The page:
January 25, 2019
Heatherwick Studio Transforms Derelict London Rail Sheds Into Retail Destination
Dubbed Coal Drops Yard, the project required adapting industrial buildings—intended for trains, horses, and carts—for people. The design team employed outdoor stairs, elevators, and walkways throughout the site’s three levels.
The area surrounding London’s King’s Cross rail station has always been in transition. Its industrial might declined in the postwar years, and by the 1980s and ’90s, its cavernous warehouses became notorious for both nightlife and crime. Even Tony Blair, in 1997, called King’s Cross “quite a frightening place.”
Times have changed. A decade of development rehabilitated crumbling Victorian structures into trendy restaurants, shops, and housing. Most recently, Heatherwick Studio has transformed a pair of derelict rail sheds into a captivating new retail destination, Coal Drops Yard.
In spite of the site’s lively century-and-a-half history (bookended by stints as a coal drop-off point and as a rave venue), “it has never been publicly accessible,” explains Heatherwick project lead Tamsin Green. Working with Argent, which is redeveloping King’s Cross, the architects proposed converting the brick warehouses into one-of-a kind shops enabling the space, says Green, “to be really enjoyed for the first time.”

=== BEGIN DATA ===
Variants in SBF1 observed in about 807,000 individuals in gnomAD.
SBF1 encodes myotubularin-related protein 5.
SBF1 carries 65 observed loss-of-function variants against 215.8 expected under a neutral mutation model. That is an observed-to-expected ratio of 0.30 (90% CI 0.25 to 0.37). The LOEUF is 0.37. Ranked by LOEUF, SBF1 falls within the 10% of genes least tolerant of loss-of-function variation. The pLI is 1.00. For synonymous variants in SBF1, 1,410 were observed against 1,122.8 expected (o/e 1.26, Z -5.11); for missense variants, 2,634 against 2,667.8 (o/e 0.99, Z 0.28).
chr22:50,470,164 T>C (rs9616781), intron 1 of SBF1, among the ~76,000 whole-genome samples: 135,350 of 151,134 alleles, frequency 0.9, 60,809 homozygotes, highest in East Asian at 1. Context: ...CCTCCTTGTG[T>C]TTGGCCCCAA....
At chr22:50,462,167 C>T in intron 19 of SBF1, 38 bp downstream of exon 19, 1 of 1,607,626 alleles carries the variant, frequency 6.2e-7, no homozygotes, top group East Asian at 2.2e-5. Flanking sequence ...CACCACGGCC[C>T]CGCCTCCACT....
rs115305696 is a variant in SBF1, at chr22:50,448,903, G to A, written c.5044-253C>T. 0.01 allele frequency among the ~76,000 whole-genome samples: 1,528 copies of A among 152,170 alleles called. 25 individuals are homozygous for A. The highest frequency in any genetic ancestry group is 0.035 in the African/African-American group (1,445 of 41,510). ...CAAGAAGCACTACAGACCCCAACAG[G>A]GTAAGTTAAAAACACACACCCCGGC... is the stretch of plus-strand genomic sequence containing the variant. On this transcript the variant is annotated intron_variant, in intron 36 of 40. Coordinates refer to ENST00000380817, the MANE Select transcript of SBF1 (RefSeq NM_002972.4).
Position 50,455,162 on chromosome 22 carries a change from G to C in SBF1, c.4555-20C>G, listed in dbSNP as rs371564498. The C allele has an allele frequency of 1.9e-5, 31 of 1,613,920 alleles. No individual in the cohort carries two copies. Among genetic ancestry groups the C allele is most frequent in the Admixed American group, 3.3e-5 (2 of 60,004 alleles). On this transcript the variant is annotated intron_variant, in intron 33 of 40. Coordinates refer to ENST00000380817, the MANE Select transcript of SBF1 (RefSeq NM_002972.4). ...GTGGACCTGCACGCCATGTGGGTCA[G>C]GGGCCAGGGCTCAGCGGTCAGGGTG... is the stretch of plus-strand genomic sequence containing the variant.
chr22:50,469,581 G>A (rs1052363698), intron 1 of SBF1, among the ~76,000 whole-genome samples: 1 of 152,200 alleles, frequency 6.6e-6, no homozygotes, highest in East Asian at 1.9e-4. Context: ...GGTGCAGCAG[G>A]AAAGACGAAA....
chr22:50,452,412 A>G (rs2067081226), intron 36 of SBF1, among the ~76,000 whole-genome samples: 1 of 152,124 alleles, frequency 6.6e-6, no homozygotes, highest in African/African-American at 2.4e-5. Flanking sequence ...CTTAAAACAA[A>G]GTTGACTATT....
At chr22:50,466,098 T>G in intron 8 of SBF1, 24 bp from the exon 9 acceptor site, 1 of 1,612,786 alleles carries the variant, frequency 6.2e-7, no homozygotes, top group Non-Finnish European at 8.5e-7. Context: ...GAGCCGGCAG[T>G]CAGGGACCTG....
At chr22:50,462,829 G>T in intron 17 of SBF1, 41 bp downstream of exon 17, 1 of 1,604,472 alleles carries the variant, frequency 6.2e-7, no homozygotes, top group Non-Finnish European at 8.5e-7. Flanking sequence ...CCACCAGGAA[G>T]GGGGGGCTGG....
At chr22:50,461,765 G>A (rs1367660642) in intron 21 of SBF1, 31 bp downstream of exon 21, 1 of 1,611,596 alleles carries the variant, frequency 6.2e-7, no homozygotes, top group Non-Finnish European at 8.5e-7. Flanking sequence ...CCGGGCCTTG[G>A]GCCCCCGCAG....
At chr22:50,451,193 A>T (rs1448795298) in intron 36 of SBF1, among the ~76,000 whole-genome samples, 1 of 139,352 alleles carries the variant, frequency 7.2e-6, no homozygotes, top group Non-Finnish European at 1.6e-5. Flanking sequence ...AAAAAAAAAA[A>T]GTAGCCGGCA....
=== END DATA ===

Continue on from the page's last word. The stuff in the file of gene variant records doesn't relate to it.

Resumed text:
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One of the primary challenges was adapting the industrial buildings—intended for trains, horses, and carts—for people. The team employed outdoor stairs, elevators, and walkways throughout Coal Drops’ three levels. Original structural arches, meanwhile, became handy retail niches. But the architects knew fancy shops wouldn’t be enough of a draw: “We needed to do something which would signal that there was something happening,” says Green.
The result is the building’s hallmark feature and flashiest display of structural wizardry: its undulating roofline. The architects, working with Arup, “peeled” back the slate roofs and exaggerated them, so that their sweeping edges kiss above the central courtyard.
But Heatherwick also left historical details throughout, like decorative beams and faded numbers denoting train bays. “We’ve tried to maintain the story of the buildings,” says Green, “but we’ve also not shied away from being bold.”